Hurricane Harvey caused catastrophic amounts of damage to Texas and Louisiana, and at the end of last week, the Department of Energy authorized an emergency release of 500,000 barrels of oil to Phillips 66's (NYSE:PSX) Lake Charles refinery.

In this week's episode of Industry Focus: Energy, Sarah Priestley and Taylor Muckerman explain what that means. Find out what the Strategic Petroleum Reserve (SPR) is and what it does, whether investors should be worried about this dip into the emergency reserves, what Phillips 66 investors should know about the 500,000-barrel loan, what the not-too-distant future could hold for the SPR, and more.

A full transcript follows the video.

This video was recorded on Sept. 7, 2017.

Sarah Priestley: Welcome to Industry Focus, the show that dives into a different sector of the stock market every day. Today we're talking energy and industrials. It's Thursday, seventh of September, and we're going to be discussing the Strategic Petroleum Reserve after a question from one of our wonderful listeners. Joining me in the studio is Motley Fool Canada premium analyst Taylor Muckerman. Taylor, thank you very much for joining me today!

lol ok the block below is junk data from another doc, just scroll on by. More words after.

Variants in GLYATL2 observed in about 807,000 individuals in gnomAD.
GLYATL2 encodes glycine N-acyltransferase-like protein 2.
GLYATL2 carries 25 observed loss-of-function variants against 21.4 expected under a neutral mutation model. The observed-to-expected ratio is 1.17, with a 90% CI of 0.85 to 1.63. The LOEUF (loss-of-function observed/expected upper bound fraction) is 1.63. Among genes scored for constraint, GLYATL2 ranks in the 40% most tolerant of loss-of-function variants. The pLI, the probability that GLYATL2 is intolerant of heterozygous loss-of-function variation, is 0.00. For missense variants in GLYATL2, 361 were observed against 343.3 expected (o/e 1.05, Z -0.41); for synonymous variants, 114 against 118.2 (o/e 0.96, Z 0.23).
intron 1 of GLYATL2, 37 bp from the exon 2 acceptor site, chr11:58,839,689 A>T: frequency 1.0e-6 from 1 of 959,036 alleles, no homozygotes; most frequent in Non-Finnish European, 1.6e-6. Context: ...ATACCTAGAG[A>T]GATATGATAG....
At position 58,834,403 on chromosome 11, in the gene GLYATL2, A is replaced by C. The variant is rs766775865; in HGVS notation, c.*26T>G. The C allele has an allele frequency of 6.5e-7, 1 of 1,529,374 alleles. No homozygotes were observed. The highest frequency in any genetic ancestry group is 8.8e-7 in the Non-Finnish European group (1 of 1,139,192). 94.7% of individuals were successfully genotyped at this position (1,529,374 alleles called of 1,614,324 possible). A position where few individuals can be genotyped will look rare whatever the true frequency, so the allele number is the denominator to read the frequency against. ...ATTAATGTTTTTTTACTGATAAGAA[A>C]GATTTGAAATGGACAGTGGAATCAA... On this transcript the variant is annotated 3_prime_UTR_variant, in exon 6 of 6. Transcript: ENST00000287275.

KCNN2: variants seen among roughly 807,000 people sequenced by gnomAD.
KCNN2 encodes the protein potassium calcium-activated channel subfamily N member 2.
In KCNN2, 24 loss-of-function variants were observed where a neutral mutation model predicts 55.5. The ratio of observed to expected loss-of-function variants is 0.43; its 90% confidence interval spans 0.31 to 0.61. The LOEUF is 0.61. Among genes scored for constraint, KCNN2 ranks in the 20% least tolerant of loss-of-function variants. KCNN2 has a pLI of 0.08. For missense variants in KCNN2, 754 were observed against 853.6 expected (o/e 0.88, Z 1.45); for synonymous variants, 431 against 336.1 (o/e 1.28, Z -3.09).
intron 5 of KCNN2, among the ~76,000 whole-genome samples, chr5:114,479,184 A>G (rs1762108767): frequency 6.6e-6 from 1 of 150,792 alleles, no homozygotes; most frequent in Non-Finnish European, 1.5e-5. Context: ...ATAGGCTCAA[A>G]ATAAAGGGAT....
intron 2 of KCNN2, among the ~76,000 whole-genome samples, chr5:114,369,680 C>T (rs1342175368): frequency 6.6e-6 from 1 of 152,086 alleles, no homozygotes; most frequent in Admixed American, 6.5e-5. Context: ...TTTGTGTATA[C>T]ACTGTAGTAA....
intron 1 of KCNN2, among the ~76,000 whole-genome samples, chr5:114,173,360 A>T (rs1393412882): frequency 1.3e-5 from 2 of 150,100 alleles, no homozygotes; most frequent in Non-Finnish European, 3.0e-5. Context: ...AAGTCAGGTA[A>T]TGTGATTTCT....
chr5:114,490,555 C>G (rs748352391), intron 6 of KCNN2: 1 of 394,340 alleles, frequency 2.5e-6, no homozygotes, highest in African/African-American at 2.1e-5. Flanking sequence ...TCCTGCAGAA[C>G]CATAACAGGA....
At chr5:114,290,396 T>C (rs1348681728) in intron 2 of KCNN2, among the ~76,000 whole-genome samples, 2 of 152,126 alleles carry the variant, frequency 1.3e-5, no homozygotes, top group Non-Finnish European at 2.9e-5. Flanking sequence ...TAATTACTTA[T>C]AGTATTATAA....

Taylor Muckerman: Absolutely.

Priestley: Are you refreshed from the long weekend?

Muckerman: My lack of labor over the weekend. [laughs] 

Priestley: [laughs] It was wonderful! As I said, today we're going to be talking about the SPR. Really, the reason we're talking about that is because of the sheer extent of the damage from Hurricane Harvey. We're going to be covering the SPR and its role during these emergency situations. Harvey, thankfully, is now past, although we were just talking about this, there's another three hurricanes apparently out there getting ready. Harvey dumped about 50 inches of rain on parts of Texas and Louisiana. Sadly, it took the lives of 42 people and 40,000 homes were damaged, so there's some serious implications of this. It's been truly terrible for Texas. Just awful images in the media depicting terrible devastation. And as so often happens in these times of crisis, some really wonderful stories of some really great people.